Frozen Shoulder Manipulation

Frozen shoulder sucks!

The Mayo clinic reports:

Your risk of developing frozen shoulder increases if you’ve recently had to have your arm in a sling for several weeks, or if you have had surgery in which your arm was immobilized in a specific position for a prolonged period.

How to Heal a Frozen Shoulder

That’s a million dollar statement – if you knew how to do it.  In truth, typical treatment involves:  the use of anti-inflammatory medications, cortisone injections and physical therapy.  Physcial therapy can involve several different modalities:

  • Ice packs
  • Electric stimulation
  • Range of motion stretches
  • strengthening exercises

If none of this helps, you may be a candidate for Manipulation Under Anesthesia.

Manipulation Under Anesthesia (MUA)

Sounds sanitary – doesn’t it?  What it really means is that you’re put to sleep and then your shoulder joint is forced to move in various positions:  flexion, external rotation, internal rotation.  This manipulation stretches and tears the scar tissue that has developed in the joint capsule.  Oh – they put you to sleep because of the pain involved.

Video of Shoulder Joint Manipulation Under Anestesia

YouTube Preview Image

Notes from MUA video

As you can see, the doctor performing the manipulation in the video is moving the patients shoulder in the same way a physical therapist does during physical therapy.  The only difference is the doctor is not inhibited by the patients pain level.

Self-Stretching for Frozen Shoulder

You could take matters into your own hands….here’s how to Stretch Your Shoulder with the Rotater.  Here’s what one frozen shoulder sufferer had to say about the Rotater:

“Thank heavens for my discovery of The Rotater. In therapy, the trained therapist could manipulate my arm to keep/increase rotation but on my own I wasn’t able to do that very well at all. Therapy, at $80/session, was getting expensive yet I knew I needed to keep up the rotational manipulation so that when the “thawing” began I would still have retained as much shoulder/arm function as possible.

The Rotater allows me to work with the limited function of my shoulders to continue exercising my arms and shoulders. Even with both shoulders involved, the Rotater device permits easy stretching and holding to get a “good” rotation. While the device looks “simple,” this is not a “one trick pony” with one stretch only; you can use The Rotater you’re your own body to rehab your shoulder with internal and external rotation in several positions.”

Read the rest of this frozen shoulder success story.

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About Chris Melton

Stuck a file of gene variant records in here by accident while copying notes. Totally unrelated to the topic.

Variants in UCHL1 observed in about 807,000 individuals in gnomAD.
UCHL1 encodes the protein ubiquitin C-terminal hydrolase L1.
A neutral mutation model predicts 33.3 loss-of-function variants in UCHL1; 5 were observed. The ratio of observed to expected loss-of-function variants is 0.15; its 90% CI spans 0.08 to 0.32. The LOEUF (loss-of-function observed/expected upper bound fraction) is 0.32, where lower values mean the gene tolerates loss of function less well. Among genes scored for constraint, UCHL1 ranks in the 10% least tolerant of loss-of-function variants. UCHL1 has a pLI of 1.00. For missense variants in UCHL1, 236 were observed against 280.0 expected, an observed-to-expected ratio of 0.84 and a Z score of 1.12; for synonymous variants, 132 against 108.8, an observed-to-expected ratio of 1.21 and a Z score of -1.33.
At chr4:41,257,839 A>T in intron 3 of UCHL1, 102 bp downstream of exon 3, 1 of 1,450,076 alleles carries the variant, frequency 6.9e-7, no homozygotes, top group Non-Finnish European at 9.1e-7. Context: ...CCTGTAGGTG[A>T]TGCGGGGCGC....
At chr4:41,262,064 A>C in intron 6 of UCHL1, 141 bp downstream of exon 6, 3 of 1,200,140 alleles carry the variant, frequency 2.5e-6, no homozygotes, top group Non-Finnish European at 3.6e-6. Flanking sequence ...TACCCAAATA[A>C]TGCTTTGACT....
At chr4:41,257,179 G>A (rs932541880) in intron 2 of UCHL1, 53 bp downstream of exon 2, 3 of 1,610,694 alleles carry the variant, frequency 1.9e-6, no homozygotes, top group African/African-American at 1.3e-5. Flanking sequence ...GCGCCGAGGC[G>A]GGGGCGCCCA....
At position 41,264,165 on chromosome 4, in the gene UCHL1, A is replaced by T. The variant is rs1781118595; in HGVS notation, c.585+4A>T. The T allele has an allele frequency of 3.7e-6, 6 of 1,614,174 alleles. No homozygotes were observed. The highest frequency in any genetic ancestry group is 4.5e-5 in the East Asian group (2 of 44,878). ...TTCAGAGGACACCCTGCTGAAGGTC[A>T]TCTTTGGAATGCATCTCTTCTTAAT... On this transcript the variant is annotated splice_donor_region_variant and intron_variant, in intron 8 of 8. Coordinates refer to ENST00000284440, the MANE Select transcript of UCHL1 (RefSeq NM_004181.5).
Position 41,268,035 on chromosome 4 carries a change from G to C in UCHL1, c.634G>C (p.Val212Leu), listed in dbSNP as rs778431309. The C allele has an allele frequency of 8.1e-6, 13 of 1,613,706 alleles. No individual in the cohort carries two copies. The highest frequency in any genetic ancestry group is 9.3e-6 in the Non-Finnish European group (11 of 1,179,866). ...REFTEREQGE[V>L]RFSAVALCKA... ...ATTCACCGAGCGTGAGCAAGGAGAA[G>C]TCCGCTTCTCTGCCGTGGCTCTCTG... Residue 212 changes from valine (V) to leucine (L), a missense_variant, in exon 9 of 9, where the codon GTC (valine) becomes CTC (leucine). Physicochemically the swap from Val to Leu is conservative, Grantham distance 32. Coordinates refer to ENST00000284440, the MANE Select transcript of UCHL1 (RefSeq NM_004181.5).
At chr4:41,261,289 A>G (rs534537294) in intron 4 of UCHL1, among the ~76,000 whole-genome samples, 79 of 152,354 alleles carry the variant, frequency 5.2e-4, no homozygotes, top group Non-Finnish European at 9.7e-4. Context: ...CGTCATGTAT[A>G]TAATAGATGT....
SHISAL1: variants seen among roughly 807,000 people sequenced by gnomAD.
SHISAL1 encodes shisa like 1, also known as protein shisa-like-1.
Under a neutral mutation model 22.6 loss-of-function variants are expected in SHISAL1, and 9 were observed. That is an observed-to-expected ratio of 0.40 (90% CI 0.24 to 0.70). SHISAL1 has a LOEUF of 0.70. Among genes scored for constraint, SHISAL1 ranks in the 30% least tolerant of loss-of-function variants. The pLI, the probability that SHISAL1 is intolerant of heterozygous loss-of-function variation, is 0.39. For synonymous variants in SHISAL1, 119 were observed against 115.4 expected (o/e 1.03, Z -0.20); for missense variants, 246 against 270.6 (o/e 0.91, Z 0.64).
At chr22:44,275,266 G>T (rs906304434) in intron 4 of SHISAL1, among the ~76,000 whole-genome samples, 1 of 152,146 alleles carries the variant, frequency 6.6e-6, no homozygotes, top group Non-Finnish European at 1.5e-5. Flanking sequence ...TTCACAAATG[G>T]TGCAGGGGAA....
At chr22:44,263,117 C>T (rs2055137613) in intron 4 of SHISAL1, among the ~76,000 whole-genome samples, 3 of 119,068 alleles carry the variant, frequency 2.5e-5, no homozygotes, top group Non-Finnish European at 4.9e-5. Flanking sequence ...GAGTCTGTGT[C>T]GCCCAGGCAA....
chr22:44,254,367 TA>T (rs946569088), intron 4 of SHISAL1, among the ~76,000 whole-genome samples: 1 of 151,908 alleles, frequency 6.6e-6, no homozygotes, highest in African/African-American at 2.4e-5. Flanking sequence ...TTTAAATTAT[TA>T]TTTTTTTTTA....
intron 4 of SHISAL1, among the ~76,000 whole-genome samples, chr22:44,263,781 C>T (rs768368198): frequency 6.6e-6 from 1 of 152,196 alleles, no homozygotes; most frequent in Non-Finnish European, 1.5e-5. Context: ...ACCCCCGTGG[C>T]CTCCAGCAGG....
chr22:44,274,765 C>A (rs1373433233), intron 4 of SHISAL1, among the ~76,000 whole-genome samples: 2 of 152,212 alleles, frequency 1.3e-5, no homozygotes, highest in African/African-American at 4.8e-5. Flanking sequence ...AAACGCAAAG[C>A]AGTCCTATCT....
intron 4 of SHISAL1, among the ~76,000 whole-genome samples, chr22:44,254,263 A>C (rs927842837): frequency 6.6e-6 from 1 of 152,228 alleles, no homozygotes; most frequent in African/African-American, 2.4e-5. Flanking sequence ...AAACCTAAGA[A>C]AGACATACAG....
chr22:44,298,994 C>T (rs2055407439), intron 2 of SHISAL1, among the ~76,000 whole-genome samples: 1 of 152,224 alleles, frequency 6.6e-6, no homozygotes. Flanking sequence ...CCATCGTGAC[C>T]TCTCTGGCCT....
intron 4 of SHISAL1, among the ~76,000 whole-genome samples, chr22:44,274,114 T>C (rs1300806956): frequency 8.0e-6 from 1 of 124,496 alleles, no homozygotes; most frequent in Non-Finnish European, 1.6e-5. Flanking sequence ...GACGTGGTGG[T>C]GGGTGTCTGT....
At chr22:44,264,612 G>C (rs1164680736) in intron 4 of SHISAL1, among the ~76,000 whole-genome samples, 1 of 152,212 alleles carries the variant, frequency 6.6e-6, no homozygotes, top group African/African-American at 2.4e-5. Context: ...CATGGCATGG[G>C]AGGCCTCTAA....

Chris Melton is an entrepreneur, blogger and one of the owners of Joint Mechanix, LLC ... the creators of the Rotater ... a rotator cuff rehab tool used by physical therapists, athletic trainers, athletes and proactive shoulder rehab patients.

Comments

  1. sylvester ray says:

    well ihad open rotatorcuff surgery on 1-16-13 then on 5-2-13 had a manipulation under anesthesia and iam still hurt arm want goup and about to have another manipulation under anesthesia have anyone had this problem before and can me what was theoutcome

Trackbacks

  1. [...] he would like me to be, and he suggested that we do a “Manipulation Under Anesthesia.” This link contains a video and explanation of the process  (I couldn’t watch it). He said that I do not have sufficient range of motion for the amount [...]

  2. [...] I had my first therapy session since my appointment with my surgeon. I told Jason about the MUA (manipulation under anesthesia) idea of my doctor. He did not have any good things to say about it from his perspective. He told [...]

  3. [...] I made up my mind that I would cast all caution to the wind, so as not to need that dreaded MUA (at least dreaded to me…). One of the effects of that decision is my wholehearted abandonment [...]

  4. [...] week my surgeon told me that he would recommend a “Manipulation Under Anesthesia” (MUA) as soon as possible to free up my shoulder range of motion. After more discussion, he suggested [...]

  5. [...] It is secured on me through several Velcro straps, and has two adjustment knobs. It appears to be very easy to use. Jason measured me for it, and it was custom built for me. If this device works as claimed, it may prevent me from having another surgery or the Manipulation Under Anesthesia. [...]

  6. [...] and I have increased the level of aggressiveness in my therapy. Ever since my surgeon suggested the MUA, I have found it easier to endure more pain in my [...]

  7. [...] month, I wrote in my blog that my doctor wanted to do an Manipulation Under Anesthesia because of my shoulder being frozen, but he sensed that I was not excited about that idea, so he [...]

  8. [...] Frozen Shoulder Manipulation [...]

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